Humanizing Online STEM Showcase

 Renata Cioczek-Georges, Math Instructor, Saddleback Colege

This site provides examples of instructional resources created in the Humanizing Online STEM Academy, a professional development program funded by the California Education Learning Lab and administered by the Foothill DeAnza Community College District.


Where I was.

I have been teaching online only since Spring 2020. While I always tried to incorporate some online teaching elements, before pandemic I did not think about self-contained substantive online courses. A training, that spring, at Orange Coast College (STLO) showed me how to create more inclusive, accessible, asynchronous online course, fully promoting student success. But despite this certification and three more years of trying synchronous and asynchronous courses, I have not been fully satisfied with my online teaching. In fact, recently I have started feeling worse. I observe lack of connection and interaction among students, progressing disengagement and lowering standards.

Where I am.

Humanizing Online STEM has changed my perspective on online teaching. I understand now where my problems come from and have got tools to improve my teaching. In particular, I can name some of the issues I encounter: mismatches of low context and high context cultures, implicit biases and not seeing the absolute necessity of showing empathy and building trust. I have got so many tools to improve my presence in online class, from recording bumpers and microlectures to making really short phone videos to introduce a section or comment on a student work. Getting more comfortable with recording, using YouTube and Adobe Express, is the biggest take away.  But also small things I have learned: using Notes in Gradebook, praising every work first before giving a constructive criticism (like our facilitators did to us!), creating all pages with thoughtful inclusion of images and icons. Finally, to summarize, I am so happy I know about Warm Demander Pedagogy..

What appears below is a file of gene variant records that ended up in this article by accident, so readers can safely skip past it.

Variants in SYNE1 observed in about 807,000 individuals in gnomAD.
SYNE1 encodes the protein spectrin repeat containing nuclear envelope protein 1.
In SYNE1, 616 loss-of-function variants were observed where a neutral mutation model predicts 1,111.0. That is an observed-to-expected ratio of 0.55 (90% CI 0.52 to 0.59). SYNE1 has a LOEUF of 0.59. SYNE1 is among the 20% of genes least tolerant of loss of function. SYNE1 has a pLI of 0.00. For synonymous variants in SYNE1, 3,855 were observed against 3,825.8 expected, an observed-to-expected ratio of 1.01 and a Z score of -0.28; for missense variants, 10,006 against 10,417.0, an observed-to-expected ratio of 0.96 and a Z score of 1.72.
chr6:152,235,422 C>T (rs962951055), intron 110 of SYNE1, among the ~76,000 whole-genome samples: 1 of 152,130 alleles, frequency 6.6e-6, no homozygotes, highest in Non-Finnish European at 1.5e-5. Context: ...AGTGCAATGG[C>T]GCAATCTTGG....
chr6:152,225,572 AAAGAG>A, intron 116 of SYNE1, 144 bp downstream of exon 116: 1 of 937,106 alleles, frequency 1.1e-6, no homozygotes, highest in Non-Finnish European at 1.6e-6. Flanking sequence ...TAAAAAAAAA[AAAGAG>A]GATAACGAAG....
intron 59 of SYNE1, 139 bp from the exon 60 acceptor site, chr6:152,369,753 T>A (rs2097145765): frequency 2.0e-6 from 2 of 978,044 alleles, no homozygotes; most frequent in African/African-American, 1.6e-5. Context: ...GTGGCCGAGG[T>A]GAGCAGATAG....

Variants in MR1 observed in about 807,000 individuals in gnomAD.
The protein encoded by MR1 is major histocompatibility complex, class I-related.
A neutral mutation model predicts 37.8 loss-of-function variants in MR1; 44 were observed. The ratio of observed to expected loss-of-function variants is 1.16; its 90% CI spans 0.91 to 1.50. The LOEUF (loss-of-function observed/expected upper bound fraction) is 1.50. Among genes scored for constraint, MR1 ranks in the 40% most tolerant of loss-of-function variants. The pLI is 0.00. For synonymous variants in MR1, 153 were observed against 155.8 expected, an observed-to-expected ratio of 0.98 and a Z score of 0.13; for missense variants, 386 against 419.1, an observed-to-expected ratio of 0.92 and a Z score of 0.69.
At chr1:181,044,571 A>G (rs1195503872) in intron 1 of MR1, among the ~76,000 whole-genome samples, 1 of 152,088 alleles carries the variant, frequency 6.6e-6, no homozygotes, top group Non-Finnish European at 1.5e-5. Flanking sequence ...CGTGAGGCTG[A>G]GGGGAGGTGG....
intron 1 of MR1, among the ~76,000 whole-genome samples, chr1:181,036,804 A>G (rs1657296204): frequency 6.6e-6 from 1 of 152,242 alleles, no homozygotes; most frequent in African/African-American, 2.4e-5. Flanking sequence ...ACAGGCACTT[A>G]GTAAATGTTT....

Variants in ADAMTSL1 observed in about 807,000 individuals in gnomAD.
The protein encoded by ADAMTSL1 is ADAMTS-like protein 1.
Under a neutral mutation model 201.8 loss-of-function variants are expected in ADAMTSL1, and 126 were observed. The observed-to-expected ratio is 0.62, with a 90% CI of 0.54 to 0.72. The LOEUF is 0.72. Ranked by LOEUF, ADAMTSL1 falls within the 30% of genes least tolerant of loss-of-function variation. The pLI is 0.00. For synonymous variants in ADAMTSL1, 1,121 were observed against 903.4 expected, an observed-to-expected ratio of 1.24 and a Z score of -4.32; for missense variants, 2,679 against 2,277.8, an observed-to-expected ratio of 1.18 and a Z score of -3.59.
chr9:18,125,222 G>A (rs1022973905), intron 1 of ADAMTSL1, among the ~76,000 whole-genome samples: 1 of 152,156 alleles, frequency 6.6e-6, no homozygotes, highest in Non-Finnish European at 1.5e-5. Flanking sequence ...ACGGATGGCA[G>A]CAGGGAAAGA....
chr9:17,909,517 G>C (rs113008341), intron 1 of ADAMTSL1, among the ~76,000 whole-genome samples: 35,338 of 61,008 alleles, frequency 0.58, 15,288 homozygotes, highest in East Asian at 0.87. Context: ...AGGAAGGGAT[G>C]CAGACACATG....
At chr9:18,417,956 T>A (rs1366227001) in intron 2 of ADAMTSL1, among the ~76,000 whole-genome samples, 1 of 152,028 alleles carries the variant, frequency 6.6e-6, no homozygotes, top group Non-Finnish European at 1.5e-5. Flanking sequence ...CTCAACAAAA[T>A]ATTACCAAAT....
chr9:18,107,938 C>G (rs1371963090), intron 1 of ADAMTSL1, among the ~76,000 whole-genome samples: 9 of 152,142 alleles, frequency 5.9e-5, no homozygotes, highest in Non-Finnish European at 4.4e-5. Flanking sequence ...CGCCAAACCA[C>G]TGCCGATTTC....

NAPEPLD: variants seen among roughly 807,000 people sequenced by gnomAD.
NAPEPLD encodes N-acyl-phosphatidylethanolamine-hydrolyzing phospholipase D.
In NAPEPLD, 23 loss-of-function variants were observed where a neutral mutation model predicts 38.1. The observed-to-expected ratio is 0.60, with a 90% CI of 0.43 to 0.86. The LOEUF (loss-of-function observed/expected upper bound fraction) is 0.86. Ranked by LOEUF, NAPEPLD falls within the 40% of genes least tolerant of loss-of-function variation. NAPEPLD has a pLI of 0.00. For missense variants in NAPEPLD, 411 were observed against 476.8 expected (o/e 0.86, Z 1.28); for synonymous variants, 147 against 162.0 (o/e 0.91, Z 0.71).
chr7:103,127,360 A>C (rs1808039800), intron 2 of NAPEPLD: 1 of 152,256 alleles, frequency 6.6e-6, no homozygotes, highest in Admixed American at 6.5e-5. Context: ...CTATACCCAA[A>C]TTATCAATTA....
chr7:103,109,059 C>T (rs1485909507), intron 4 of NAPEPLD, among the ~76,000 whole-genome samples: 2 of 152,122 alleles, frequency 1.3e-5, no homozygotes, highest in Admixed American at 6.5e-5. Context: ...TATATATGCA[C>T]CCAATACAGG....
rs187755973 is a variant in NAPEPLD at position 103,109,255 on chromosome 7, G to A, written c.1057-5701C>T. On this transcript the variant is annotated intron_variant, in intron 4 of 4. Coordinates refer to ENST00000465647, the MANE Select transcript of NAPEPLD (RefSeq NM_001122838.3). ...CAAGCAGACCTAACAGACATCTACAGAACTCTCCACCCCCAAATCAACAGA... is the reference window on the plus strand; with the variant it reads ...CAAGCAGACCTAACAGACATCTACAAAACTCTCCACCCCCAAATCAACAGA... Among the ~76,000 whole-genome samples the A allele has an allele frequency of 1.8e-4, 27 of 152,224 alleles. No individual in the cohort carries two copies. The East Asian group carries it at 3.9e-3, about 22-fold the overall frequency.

Where I am going.

I need to practice being Warm Demander, work on earning these marbles, so then I can ask students to work harder. I am still uncertain about my videos. I have to work on making them more concise and I need to prepare more interactive assignments using Flip. I know Flip is so much better than my usual discussion (even group discussion), with an initial post and two replies. I plan to create more Flip assignments in my Fall classes, including the face-to-face ones. Thank you Academy for teaching me so much and pushing in the right direction!